Fostex is a high-end consumer and pro sound Japanese company but its spotty distribution in the US has made availability a "sometimes" thing. That's not a concern with the Massdrop X Fostex TR-X00 Purpleheart headphones, so I requested a review pair. Unboxing the headphones I was impressed with the build quality of the magnesium alloy frame and biodynamic drivers. The naturally purple wood ear cups looked fabulous.
The TR-X00 comes in three variants: the $470 Purpleheart, the $420 mahogany version and the ebony one is $520. They're constructed with solid wood (not veneer), and all feature the same Fostex 50mm driver which boasts over 1 Tesla of magnetic flux density, and 25 ohms of impedance. The 10-foot cloth-covered, user-replaceable cable is thicker than average, but it's nice and supple. And so are the soft leatherette ear pads -- they're made of eggshell protein. The 6.3mm plug's metal housing is beautifully finished.
So far so good, but the included soft carry pouch won't provide much protection for the wood ear cups or the headband. Drop sells the TR-X00 with a two-year warranty. The headphone is made in China.
The TR-X00 weighs 13.6 ounces, which i on the heavy side for full-size headphones. Eyeglass wearers might find the ear pads' pressure against your glasses frames a little too high to wear for extended periods. (Everyone's head and size shape is different, so it's impossible to predict comfort with full-size headphones. You have to try them on for yourself.) The TR-X100 is a closed-back design, but isolation from external noise is nothing special.
Drop offers return or exchange privileges the TR-X00 customers for up to 30 days after purchase.
Listening to the Purpleheart
The sound signature is, in a word, rich; this is a headphone to savor. The TR-X00 is a sweetheart with a very relaxed, low-fatigue sound, and I love it for that.
I brought it to a friend's recording session and was impressed with the way the TR-X00 reproduced the sounds of the singer and instruments at the session. There's nothing hyped about the sound.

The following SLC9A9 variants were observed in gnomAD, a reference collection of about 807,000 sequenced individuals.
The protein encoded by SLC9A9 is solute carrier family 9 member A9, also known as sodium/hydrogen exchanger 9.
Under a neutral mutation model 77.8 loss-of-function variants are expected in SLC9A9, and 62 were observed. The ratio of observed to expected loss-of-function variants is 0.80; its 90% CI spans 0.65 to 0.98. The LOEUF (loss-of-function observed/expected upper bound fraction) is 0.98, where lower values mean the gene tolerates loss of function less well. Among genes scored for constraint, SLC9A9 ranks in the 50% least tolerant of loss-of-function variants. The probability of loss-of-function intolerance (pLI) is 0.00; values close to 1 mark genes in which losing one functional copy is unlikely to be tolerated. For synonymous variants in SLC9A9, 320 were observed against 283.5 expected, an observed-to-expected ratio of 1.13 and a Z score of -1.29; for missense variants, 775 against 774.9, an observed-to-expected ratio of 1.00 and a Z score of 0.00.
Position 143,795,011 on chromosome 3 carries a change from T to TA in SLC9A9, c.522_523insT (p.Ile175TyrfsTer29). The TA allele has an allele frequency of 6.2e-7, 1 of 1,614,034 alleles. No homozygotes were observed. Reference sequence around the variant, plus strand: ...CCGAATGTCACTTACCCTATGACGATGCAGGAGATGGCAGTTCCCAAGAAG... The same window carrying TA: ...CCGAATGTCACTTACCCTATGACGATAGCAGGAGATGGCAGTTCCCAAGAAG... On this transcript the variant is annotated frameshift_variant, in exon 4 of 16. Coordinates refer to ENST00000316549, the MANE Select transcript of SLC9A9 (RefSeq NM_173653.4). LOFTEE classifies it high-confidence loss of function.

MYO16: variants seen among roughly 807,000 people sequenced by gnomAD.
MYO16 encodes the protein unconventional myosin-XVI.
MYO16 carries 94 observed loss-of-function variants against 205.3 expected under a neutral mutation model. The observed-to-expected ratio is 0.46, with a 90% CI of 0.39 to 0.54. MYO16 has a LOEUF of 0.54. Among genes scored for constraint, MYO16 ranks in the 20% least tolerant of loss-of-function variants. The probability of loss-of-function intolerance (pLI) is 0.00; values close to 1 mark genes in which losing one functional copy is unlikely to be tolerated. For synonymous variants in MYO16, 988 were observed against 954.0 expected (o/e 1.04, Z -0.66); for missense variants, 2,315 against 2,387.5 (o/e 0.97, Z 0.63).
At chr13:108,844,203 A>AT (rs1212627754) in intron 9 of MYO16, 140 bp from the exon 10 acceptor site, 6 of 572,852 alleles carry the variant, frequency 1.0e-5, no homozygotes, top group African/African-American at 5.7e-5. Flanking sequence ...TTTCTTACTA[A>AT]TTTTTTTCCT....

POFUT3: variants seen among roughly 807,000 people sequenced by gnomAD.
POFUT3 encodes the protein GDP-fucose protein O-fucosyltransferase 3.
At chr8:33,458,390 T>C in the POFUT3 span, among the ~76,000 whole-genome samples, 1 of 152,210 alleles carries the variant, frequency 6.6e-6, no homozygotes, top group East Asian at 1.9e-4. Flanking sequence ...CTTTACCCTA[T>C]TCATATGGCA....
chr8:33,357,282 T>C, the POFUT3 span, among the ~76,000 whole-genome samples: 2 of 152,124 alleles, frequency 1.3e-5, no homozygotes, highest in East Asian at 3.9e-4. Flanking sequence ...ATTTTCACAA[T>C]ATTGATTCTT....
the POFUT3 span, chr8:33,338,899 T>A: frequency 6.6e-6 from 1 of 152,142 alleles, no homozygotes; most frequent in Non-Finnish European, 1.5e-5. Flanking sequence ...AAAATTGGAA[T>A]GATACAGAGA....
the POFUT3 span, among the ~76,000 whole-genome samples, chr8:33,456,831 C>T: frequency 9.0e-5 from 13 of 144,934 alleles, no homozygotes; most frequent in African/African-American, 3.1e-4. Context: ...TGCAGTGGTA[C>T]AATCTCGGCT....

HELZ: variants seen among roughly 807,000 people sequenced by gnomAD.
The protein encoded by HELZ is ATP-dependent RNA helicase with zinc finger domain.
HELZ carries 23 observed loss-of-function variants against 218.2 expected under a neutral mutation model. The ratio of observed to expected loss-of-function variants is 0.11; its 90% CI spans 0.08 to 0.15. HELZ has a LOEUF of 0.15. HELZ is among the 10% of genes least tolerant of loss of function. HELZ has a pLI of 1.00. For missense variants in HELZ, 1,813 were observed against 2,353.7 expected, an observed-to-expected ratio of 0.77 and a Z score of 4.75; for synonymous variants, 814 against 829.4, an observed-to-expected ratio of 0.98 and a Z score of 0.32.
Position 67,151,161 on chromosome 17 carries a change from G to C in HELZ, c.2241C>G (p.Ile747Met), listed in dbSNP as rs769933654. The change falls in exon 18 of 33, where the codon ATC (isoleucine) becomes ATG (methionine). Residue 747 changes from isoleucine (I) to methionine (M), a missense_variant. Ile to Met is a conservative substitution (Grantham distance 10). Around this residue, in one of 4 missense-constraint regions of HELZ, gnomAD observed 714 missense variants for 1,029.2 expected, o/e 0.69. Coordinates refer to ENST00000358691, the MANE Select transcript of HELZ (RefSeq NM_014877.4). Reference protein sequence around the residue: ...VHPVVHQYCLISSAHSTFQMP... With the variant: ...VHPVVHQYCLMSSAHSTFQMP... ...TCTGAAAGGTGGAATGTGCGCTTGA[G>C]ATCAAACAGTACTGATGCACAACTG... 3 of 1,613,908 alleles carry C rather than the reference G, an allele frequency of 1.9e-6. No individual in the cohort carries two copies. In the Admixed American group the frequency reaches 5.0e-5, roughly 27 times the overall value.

At the session I compared the TR-X00 with a set of Sony MDR 7520 monitoring headphones, and the differences were stark. The Sony was much brighter, sharper and more revealing of exactly what was going on. That's why they're great monitor 'phones. But the TR-X00 sounded tonally more correct, closer to the sound of the acoustic instruments and the singer as I heard them that day.
As I continued to listen, I noticed the sound not just of the instruments, but of the acoustics of the room the musicians were playing in. Returning to the Sony, I was much more aware of little details like fingers on strings, the singer taking a breath, and the definition of the strings on the acoustic bass. The TR-X00 glosses over those things.
Back at home I listened to the Raconteurs' new Help Us Stranger album, mostly to see if Jack White's got his songwriting mojo back. Seems like not, and the album's sound isn't stellar either. It's a muddy mess, but that's not the TR-X100's fault; it was just telling it like it is.
I had better luck with The National's new I Am Easy To Find album. Matt Berninger and a bevy of guest vocalists sounded big and bold, and the weight of the sound was deeply satisfying. Bryan Devendorf's drumming packed a wallop over the TR-X00, and the nuanced and textured mix's deep reverberation went on forever.
Prince's just-released Originals album lit up the purple headphones. I loved the music and the ample bass all but massaged my ears!
The Massdrop X Fostex TR-X00 Purpleheart sound isn't for every taste. It's not going to scream high-resolution detail, it's more reserved and laid back than that. Once I stopped comparing the TR-X00 to other 'phones, it was a pleasure to use.